On inspired, triumphant new single “Hallelujah,” Panic! At The Disco front man Brendon Urie asks “All you sinners stand up, sing hallelujah!” Yes, on the ‘sanctified’ chorus, Urie is all about sinners everywhere allowing the spirit to move through them: “And if you can’t stop shaking, lean back / let it move through ya.” Finally, he caps the hook off with “Say your prayers.” Everything from the title throughout the course of the refrain would suggest that “Hallelujah” is spiritually driven. Is it?
“Hallelujah” ranks among Panic! At The Disco’s deepest song of their career. The band has always been known for its theatrical side and while “Hallelujah” still possesses this, read further into the record and there’s much more to behold beyond the majority of their work. Yes, it was bold when Panic! At The Disco depicted a wedding from the groom’s perspective (“I Write Sins Not Tragedies”) or when “Miss Jackson” was so nasty, but “Hallelujah” is more transcendent and thought provoking; it should relate more to its audience.
“My life started the day I got caught / under the covers / with secondhand lovers / oh, tied up in pretty young things / in a state of emergency / who was I trying to be.”
On the first verse, Urie proceeds to confess his sins; it’s about being caught having sex. “My life started the day I got caught / under the covers / with secondhand lovers / oh, tied up in pretty young things / in a state of emergency / who was I trying to be.” Essentially, Urie suggests he was young and dumb and honestly being rebellious. Arguably, it could be said many young folks these days are rebellious, with many having sex at younger and younger ages. For Urie, being a Mormon, this confession is actually more rebellious given the strict rules of that particular religion.
That view of verse one is if you consider ‘sex’ to be literally ‘sex.’ Arguably, sex is used figuratively and could represent a range of sins, improprieties, mistakes, etc. Sex is the perfect vehicle for Urie’s message, but it’s important not to read too much into physical pleasure as opposed to a bigger picture.
“Then the time for being sad is over / and you miss them like you miss no other / and being blue is better than being over it.”
Then comes the pre-chorus, which seems to suggest a broken relationship. “Then the time for being sad is over / and you miss them like you miss no other / and being blue is better than being over it.” Like everyone can relate to, Urie has experienced missing his ex-girlfriend and rather than moving forward, many times people cling to being depressed about the loss, almost like a death. Again, does the loss have to be an ex or so specific? Not necessarily.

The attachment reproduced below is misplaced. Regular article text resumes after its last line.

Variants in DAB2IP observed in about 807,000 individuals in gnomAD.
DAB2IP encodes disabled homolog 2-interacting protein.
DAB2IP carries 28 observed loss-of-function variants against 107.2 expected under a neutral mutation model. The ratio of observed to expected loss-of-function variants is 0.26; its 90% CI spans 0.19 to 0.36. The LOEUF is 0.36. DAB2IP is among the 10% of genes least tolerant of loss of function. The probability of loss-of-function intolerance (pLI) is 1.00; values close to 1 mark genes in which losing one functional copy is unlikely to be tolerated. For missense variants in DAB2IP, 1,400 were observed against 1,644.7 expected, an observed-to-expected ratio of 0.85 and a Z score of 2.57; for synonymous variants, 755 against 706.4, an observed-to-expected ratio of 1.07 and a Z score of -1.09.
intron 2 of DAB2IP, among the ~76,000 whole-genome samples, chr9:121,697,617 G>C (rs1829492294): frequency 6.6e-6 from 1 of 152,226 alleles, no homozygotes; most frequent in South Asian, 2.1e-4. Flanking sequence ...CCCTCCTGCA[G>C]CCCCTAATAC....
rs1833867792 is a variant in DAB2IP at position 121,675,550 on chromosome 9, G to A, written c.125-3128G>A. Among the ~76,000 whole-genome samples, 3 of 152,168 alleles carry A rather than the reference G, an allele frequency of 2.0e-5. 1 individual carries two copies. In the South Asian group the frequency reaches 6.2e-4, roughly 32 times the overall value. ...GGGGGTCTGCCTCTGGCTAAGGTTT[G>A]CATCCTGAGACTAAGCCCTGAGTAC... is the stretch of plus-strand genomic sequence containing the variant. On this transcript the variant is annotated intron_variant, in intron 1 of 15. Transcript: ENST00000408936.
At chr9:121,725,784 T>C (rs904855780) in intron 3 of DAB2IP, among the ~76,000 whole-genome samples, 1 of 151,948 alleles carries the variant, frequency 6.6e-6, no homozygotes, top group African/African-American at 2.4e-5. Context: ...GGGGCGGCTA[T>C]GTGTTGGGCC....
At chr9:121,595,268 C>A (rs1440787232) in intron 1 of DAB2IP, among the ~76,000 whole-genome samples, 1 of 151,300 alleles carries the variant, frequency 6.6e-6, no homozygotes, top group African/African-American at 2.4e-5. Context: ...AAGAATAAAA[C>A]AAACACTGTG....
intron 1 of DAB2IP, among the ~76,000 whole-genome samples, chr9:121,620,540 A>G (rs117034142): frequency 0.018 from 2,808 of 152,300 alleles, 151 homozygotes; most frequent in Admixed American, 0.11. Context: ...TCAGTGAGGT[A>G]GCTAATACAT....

“I was drunk and it didn’t mean a thing / stop thinking about / the bullets from my mouth.”
On verse two, the lyrics seem to interpretable in multiple ways. “I was drunk and it didn’t mean a thing / stop thinking about / the bullets from my mouth.” Urie could be referencing empty sex/hooking up once more, or likely he’s referencing mistakes generally he’s made in the past and has come to realize how stupid and immature he was at the time. He shows his growth on follow-up lyric “I love the things you hate about yourself,” which suggests he’s older, wiser, and more focused on the present and the future. If you want to focus on the ‘sex’ thing again, this might show the progression from meaningless hook ups to embracing his life with his wife.
“No one wants you when you have no heart and /I’m sitting pretty in my brand new scars and / you’ll never know if you don’t ever try again / so let’s try.”
On the final verse, this newfound spirit and inspirational side of Urie shines as he sings, “No one wants you when you have no heart and /I’m sitting pretty in my brand new scars and / you’ll never know if you don’t ever try again / so let’s try.” This suggests that even though mistakes have been made and everyone is ultimately a sinner with the “scars” to prove it, it doesn’t mean you give up or don’t try to better yourself and move forward. Even more simply put, you can’t let the past ruin or rule the present or future – you have to keep on persevering.
Offering a different view of the final verse, and perhaps even more references to “loss” that occur throughout “Hallelujah,” the recent exit of Spencer Smith may play a role of pivotal inspiration; the Genius annotation suggests this viewpoint.
Ultimately, it seems that this song is directed toward the audience and not solely Urie himself. Sure, Urie uses his own experiences, but they are such common experiences as opposed to specific ones, anyone who listens to the song can relate. Hence, this would make “Hallelujah” more of a ‘congregational hymn.’ How good is “Hallelujah?” It’s fantastic!